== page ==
The Basics of Roullete

Roullete (pronounced “rou-LEY”) is a game of chance in which you wager on a number or grouping of numbers on a roulette wheel. The game evolved in the 18th century in France and became a popular casino game throughout Europe. Despite its relatively simple rules, the game offers surprising depth and can yield high rewards for serious players.

The wheel is a solid wooden disc slightly convex in shape and has thirty-six metal compartments called frets or pockets (called canoes by the roulette croupiers) that alternately appear as red or black and are numbered nonconsecutively from 1 to 36. On European wheels, a single green compartment carries the numeral 0. Two additional green compartments on American tables carry the numerals 0 and 00, which significantly lowers the odds of winning for the player.

Before the ball is spun, players place chips on a betting mat, which is designed to clearly identify the bet being made. The chip placement indicates the type of bet being placed (Inside bets are on six numbers or less; Outside bets are on 12 or more). The bets are then swept away and the dealer spins the roulette wheel. The ball then lands in one of the numbered slots.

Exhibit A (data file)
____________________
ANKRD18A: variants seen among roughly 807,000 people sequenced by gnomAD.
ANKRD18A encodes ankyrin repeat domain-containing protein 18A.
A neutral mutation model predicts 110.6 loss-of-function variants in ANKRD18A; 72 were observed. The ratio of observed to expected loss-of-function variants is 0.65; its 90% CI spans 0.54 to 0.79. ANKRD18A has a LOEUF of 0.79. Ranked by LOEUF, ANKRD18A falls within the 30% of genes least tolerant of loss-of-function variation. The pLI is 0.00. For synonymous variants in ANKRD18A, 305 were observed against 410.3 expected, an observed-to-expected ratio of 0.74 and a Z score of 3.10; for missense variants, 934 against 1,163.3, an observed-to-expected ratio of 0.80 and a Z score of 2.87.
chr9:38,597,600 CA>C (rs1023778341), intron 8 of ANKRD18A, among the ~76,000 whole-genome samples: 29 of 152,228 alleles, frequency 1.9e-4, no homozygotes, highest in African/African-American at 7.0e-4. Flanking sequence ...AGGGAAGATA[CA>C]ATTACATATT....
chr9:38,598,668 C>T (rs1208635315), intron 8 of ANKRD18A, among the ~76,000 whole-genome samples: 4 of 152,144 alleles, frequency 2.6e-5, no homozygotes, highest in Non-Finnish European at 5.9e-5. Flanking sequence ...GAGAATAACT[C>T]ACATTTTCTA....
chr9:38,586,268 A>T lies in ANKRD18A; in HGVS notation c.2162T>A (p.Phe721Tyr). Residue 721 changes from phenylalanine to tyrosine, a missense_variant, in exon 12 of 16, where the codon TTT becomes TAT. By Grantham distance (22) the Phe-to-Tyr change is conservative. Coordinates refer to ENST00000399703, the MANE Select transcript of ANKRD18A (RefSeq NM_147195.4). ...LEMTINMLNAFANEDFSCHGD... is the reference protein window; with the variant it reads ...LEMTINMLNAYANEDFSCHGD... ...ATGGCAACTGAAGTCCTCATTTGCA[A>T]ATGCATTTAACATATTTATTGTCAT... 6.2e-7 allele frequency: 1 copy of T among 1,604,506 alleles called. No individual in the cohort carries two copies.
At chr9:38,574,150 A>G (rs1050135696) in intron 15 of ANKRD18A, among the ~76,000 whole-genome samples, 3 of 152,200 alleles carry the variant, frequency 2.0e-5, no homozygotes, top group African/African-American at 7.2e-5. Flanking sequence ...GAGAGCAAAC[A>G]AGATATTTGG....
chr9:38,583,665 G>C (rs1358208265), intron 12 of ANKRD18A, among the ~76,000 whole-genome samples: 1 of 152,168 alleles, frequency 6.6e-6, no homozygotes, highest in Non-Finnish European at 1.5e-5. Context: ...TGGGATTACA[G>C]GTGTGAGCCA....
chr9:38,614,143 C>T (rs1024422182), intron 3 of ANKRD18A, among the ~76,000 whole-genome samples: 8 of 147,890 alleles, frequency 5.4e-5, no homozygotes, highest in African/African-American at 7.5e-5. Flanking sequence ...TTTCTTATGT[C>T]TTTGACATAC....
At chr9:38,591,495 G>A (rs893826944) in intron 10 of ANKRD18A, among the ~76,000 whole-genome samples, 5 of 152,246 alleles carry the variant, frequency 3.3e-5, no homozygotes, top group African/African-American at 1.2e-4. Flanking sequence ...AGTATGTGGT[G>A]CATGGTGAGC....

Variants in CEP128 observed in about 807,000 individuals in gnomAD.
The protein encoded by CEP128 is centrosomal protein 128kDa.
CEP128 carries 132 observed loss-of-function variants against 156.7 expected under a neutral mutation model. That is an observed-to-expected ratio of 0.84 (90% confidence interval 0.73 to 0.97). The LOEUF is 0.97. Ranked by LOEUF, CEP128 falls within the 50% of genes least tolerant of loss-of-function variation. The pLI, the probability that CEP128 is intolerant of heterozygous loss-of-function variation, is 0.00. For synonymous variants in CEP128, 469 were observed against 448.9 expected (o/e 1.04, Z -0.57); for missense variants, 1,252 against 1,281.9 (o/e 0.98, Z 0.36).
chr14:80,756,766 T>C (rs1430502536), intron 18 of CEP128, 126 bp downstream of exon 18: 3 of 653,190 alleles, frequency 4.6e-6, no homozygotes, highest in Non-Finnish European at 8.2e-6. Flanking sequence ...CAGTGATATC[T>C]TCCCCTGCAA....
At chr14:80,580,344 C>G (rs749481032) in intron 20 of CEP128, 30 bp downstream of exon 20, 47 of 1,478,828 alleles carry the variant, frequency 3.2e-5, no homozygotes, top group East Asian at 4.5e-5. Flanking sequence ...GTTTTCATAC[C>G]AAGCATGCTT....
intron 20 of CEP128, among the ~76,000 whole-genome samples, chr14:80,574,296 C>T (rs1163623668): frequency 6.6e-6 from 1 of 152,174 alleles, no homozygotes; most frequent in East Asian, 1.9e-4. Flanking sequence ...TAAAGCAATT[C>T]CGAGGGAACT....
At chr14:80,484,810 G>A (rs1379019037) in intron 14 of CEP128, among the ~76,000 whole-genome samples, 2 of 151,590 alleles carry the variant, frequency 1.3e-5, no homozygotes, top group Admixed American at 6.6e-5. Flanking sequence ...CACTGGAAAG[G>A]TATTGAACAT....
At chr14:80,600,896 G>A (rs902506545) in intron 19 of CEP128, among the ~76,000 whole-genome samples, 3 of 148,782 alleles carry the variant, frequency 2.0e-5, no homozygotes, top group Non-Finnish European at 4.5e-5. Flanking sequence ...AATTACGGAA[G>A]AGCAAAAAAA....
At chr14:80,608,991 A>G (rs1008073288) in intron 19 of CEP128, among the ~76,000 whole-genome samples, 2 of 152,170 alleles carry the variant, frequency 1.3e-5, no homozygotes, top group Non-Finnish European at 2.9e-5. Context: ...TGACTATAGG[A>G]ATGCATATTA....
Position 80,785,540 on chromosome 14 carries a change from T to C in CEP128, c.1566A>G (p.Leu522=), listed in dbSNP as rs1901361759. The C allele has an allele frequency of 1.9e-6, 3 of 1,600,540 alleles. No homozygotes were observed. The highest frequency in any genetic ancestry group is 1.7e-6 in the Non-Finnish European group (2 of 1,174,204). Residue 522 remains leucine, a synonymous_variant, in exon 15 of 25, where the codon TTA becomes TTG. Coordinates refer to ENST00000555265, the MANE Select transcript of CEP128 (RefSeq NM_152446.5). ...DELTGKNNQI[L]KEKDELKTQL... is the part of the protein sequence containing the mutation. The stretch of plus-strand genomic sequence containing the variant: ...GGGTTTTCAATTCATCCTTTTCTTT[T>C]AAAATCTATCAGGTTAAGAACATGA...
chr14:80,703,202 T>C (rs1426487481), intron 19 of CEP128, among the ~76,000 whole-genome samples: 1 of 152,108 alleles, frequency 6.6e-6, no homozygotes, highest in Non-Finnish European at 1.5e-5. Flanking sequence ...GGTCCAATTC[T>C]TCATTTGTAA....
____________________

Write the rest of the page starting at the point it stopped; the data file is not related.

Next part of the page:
Before the start of a new round, players should first clear losing bets from the table and cash out their winnings. Then they should select a roulette table within their budget and begin by placing bets on groups of numbers rather than individual digits, since these bets are generally cheaper and have a higher probability of hitting. Players should also be careful not to overextend their bankroll, and it is a good idea to start by playing only small bets until they have built up a cushion of winnings.